"Elect exiles" nicely summarizes the strange combination that is the Christian's status and experience in this life, doesn't it? See 1 Peter 1:1.
John Stott said: “The church is supposed to be God's new society, the living embodiment of the gospel, a sign of the kingdom of God, a demonstration of what human community looks like when it comes under his gracious rule.”
One reason God allows us to suffer injustice is to lead us to that deep place where His love for us, His good treatment of us, becomes so real, so precious, that we become able to forgive that unforgivable injustice and thereby display His powerful grace in this world of rage.
Remember: God is sovereign over injustice, even uses it, but is not Himself unjust. Wrong within his domain does not make Him wrong. If we Christians now find ourselves exiles and outsiders, then we are where Christians have long flourished—with Jesus only.
"God is not unjust so as to overlook your work and the love that you have shown for his name in serving the saints, as you still do" (Hebrews 6:10).
The world does not need cool Christians who are culturally saturated. It needs exiles with the scent of heaven and the aroma of Christ.
So, don't quit. God is so paying attention! His own character -- his justice -- guarantees his attentiveness to you. Keep praying to him. Keep petitioning. Keep praising. Keep persevering.
He will lead you. He will answer you. He will carry you through.
5. God sovereignly reigns over the affairs of men (18:4-5).
The reason for the change in the widow’s case?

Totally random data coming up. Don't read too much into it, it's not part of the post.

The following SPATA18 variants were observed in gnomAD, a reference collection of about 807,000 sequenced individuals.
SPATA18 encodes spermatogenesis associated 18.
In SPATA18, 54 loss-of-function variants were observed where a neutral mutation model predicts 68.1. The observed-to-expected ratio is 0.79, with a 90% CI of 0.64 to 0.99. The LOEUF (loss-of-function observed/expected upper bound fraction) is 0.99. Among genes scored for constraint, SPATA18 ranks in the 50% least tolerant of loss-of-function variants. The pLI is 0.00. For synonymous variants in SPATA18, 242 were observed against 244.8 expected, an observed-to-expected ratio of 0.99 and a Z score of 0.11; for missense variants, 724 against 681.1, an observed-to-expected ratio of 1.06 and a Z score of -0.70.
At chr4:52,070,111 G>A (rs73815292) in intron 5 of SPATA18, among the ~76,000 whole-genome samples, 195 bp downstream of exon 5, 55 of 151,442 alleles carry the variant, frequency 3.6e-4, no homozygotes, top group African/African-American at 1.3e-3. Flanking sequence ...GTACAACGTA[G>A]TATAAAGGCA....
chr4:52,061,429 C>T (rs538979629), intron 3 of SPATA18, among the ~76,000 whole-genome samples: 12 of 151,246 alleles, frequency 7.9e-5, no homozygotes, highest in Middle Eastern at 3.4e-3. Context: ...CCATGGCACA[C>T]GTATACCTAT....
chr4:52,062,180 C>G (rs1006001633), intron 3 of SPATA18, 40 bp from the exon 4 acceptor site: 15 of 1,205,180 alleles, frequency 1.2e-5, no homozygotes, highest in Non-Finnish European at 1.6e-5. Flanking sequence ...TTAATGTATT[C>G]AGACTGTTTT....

Her persistence. Her annoyance. Her diligence. Her pleading. Her desire to see change.
Does this mean it will happen each time like this? No. But God does still answer like this!
Caution #1: We need to caution against unreservedly putting God's name and, therefore, his stamp of approval on our plans, opinions, or ideas.
Caution #2: Disappointments have their uses. The ruins of our own cherished plans are often the steps to the true good God has for us.
Caution #3: Without warning, God will interrupt and divert your plans because he loves you and will do in you and through you what is best.
Yet, remember: We have not, James said, because we ask not (4:2-3).
The God who rules all things is not rattled by the chaotic affairs of man. His plan marches on. God determines the exact times and places where people live “so that they would seek him and perhaps reach out for him and find him” (Acts 17:27). We are called to “make disciples of all nations” (Matthew 28:19).
“The king’s heart is a stream of water in the hand of the Lord; he turns it wherever he will.” (Proverbs 21:1). Not willy-nilly, but according to an infinitely wise and good plan, the details of which no one can fathom but God.
Joseph to his brothers: “You sold me. God sent me (Gen. 45:4-5). Christian, take heart, so it is with every sin against God's elect.
As you pray in uncertain times, God is not just sovereign over his people--but sovereign for his people. God rarely means for you to find out the plans he has for you ahead of time. Yes, we have plans. God usually has other plans. Seek first his kingdom and trust God to get you where you need to be.
Since God is sovereign and we are not, we will never have the control over people, places and things that we often would like to have. And that is a very good thing! Because God is infinitely wiser and more righteous than we are.
So, our moment-by-moment decision: faith in God vs. panic about ourselves. Let’s ask this diagnostic question continually: Am I treating *God* as real right now, or am I treating *everything else* as more real than God right now?
God is sovereign over all things and works all thing for His glory & His people's good. The great question is: Do we want what God wants?